Kingsley Amis’ The Crime Of The Century

The Crime of the CenturyI’m not sure how well-known Kingsley Amis is on this side of the Atlantic, particularly among my generation. His son Martin has achieved a much wider recognition in America, though his star is still highest in Britain. Both father and son are primarily comic writers, which perhaps goes a long way towards explaining their relative anonymity in America, comic sensibilities varying as they do between nations. The Crime of the Century was an odd choice for a first foray into Amis Sr.’s work, a detective novel written by a comic writer, but the 25 cent price  tag at a local used book store made it too tempting to pass over.

Why exactly a comic writer would try his hand at writing crime fiction merits an explanation, which turns out, as usual, to be money, or rather the lack of it. Approached by The Sunday Times to write a serialized detective story, and thinking primarily of his “snarling” bank manager, Amis set to work.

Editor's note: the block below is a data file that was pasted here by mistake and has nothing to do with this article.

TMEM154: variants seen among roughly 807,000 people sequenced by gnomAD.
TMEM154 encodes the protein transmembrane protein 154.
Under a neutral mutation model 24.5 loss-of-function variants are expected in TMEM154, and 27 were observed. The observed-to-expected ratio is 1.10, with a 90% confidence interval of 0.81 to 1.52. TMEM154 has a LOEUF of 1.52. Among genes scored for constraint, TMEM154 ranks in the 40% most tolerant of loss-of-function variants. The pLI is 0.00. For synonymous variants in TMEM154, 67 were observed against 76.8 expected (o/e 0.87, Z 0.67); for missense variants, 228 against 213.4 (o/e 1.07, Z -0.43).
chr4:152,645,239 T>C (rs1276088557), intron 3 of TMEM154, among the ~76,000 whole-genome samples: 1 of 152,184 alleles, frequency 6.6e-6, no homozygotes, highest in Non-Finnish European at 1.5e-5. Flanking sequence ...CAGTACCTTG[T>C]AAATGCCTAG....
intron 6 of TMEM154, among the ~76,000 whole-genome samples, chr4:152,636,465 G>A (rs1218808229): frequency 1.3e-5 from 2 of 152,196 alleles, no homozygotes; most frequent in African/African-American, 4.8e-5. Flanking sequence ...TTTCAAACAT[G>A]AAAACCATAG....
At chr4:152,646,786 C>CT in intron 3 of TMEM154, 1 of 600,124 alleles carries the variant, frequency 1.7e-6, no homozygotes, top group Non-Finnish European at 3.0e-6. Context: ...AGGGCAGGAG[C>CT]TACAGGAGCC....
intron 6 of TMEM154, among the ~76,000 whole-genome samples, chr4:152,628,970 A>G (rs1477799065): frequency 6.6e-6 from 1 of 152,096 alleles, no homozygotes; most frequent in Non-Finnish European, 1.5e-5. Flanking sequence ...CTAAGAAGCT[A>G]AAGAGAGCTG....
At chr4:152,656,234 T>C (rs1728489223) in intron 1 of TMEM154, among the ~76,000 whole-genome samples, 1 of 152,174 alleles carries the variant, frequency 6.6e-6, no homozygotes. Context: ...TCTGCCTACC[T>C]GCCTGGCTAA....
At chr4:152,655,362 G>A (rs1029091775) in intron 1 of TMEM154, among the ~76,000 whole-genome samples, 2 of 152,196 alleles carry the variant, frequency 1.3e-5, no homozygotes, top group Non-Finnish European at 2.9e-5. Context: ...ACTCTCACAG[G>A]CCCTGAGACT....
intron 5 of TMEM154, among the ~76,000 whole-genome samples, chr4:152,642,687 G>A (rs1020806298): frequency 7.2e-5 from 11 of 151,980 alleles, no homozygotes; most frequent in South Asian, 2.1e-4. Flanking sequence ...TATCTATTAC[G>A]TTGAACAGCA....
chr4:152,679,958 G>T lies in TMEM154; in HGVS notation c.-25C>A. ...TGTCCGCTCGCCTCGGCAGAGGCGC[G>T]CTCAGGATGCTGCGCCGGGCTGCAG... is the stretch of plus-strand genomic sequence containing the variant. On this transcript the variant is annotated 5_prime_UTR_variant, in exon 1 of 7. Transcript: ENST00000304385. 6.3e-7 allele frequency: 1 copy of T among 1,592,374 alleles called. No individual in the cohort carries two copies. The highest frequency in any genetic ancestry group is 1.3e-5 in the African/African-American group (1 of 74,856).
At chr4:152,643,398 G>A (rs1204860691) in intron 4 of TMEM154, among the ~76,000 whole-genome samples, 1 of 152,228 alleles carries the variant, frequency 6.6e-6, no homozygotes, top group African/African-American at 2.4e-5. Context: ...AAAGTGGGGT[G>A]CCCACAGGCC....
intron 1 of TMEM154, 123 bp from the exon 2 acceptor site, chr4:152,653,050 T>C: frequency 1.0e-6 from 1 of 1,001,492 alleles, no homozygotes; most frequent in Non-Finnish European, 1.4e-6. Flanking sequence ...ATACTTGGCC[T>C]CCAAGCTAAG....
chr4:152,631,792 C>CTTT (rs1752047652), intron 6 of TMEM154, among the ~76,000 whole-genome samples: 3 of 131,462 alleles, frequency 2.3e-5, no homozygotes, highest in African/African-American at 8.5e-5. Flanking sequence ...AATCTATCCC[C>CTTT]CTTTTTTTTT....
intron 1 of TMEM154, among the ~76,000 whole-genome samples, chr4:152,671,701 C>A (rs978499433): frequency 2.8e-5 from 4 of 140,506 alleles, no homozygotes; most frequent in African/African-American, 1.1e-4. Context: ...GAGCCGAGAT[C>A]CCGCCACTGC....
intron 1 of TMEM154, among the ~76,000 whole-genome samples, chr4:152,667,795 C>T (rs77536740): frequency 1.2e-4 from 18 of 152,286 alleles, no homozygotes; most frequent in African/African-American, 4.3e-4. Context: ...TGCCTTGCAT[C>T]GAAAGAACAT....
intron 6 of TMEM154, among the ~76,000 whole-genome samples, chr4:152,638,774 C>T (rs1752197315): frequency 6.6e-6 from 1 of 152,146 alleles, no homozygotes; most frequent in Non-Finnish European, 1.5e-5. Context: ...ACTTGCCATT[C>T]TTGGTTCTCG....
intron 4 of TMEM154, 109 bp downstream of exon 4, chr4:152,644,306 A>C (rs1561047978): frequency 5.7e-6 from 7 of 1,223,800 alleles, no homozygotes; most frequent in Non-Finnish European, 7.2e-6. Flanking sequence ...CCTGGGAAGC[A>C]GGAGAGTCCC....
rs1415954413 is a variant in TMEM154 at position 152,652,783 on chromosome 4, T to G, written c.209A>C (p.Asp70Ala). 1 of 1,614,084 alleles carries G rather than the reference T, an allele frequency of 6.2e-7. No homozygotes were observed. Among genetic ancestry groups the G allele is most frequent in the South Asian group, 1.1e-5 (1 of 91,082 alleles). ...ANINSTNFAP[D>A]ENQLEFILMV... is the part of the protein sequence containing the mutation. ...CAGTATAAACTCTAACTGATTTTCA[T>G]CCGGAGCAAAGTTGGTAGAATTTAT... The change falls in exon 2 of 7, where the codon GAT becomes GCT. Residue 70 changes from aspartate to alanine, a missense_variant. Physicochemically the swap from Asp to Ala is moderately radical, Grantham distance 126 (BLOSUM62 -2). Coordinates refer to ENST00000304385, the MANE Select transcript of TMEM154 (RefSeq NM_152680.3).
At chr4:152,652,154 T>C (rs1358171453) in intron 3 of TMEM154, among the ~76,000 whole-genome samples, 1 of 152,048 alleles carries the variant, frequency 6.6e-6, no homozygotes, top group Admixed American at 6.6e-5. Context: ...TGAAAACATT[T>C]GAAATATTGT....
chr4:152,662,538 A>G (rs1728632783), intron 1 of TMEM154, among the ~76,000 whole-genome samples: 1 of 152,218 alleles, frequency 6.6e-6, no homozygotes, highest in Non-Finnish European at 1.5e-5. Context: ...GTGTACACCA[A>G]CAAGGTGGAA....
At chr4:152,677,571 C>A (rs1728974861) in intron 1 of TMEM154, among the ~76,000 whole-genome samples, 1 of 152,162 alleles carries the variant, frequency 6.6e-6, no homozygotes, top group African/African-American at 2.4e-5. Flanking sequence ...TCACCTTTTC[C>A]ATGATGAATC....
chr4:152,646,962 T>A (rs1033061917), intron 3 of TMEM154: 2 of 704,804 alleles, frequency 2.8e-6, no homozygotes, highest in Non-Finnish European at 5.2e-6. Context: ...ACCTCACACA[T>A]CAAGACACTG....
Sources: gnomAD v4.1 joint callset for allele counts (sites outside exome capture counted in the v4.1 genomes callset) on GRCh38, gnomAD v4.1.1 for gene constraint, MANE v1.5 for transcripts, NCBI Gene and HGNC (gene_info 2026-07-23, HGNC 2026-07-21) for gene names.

The resulting novel is well-written, even, at times, entertaining, but not a particularly shining example of crime fiction. The work is too short, the characters too many, and the motivations of the killer too obscure to incite much more than a yawn. The lack of a central protagonist gives the reader no focal point from which to pass judgments on the unfolding drama, and therefore no incentive to invest in any particular character’s fate. Ultimately, this is a novel transparently written under the pressures of a deadline, its merits overshadowed by its faulty plotting and brevity.